WASHINGTON – Construction workers often face some of their industry’s most serious dangers – such as falls from elevation, being struck or crushed by equipment or other objects, and electrocution – but recent studies suggest another occupational concern is lurking silently at U.S. worksites: worker suicides.
The Centers for Disease Control and Prevention reports that the suicide rate for men in construction and extraction was five times greater than the rate of all other work-related fatalities in the industry in 2018, and these workers are four times more likely to end their own lives than people in the general population.
To assist workers in an industry with one of the nation’s highest occupational suicide rates, the U.S. Department of Labor’s Occupational Safety and Health Administration has joined a task force of construction industry partners, unions and educators to raise awareness of the work stresses seen as the causes of depression and the thoughts and acts of suicide among construction workers. In addition to alerting other stakeholders, the task force encourages industry employers to share and discuss available resources with their workers.
Coinciding with Construction Suicide Prevention Week, the task force is calling on construction industry employers, trade groups and other stakeholders to join OSHA’s Suicide Prevention Safety Stand-Down, Sept. 5-9, 2022. This week-long event seeks to raise awareness of unique mental health challenges construction workers face by asking employers to pause work for a moment to share information and resources and urge employees to seek help if needed.
“Construction workers cope with unique causes of stress, such as uncertain seasonal work; remote work and job travel that keeps workers away from home and support systems; long, hard days and completion schedules; and the job-related risks of serious injuries,” explained Assistant Secretary for Occupational Safety and Health Doug Parker. “Left unchecked, these stressors can affect mental health severely and lead to anxiety, depression, substance abuse and – in some cases – suicide.”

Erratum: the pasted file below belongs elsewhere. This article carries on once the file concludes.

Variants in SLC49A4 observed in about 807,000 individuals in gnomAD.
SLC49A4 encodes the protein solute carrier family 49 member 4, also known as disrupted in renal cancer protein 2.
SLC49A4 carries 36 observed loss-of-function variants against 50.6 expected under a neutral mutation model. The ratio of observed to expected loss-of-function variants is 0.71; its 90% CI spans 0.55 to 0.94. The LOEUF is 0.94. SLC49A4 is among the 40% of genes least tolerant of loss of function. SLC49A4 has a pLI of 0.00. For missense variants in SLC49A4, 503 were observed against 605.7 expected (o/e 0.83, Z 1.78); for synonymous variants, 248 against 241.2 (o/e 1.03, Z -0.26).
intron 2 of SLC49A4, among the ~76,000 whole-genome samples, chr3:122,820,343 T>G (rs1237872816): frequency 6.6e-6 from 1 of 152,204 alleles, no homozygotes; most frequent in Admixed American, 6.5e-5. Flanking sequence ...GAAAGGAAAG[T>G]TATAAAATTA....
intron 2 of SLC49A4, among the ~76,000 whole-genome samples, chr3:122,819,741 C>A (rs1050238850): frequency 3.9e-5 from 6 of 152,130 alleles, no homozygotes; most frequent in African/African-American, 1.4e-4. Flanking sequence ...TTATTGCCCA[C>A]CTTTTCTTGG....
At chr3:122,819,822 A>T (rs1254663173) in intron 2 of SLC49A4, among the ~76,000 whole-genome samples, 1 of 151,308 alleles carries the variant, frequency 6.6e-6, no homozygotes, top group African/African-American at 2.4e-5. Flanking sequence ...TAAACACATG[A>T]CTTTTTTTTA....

The coronavirus outbreak and pandemic only worsened the problem, researchers found. In August 2020, the CDC reported a considerable one-year increase in symptoms of anxiety disorder and depressive disorder in a survey of the U.S. population.
Moved by their concern for a growing problem, a group of industry volunteers joined in 2020 to launch the first Suicide Prevention Week for construction workers. In 2021, more than 68,000 workers in 43 states registered to participate in Construction Suicide Prevention Week, managed by a task force comprised of OSHA, Associated General Contractors, The Builders Association, leading construction companies and labor unions.
“Suicide can be prevented with professional help and assistance,” Parker added. “OSHA encourages employers, industry associations, labor organizations and workers to use all available resources to understand the problem and the warning signs of depression before tragedy strikes.”
The 988 Suicide & Crisis Lifeline is a federally funded project designed to improve crisis services and advance suicide prevention for U.S. residents. Supported by the U.S. Department of Health and Human Services, the 988 Suicide & Crisis Lifeline, formerly the National Suicide Prevention Lifeline, provides free and confidential emotional support to people in suicidal crisis or emotional distress. Available 24 hours a day, 7 days a week, the 998 lifeline is a national network of more than 200 local crisis centers, combining custom local care and resources with national standards and best practices.
Review these OSHA mental health and crisis resources.
Learn more about OSHA.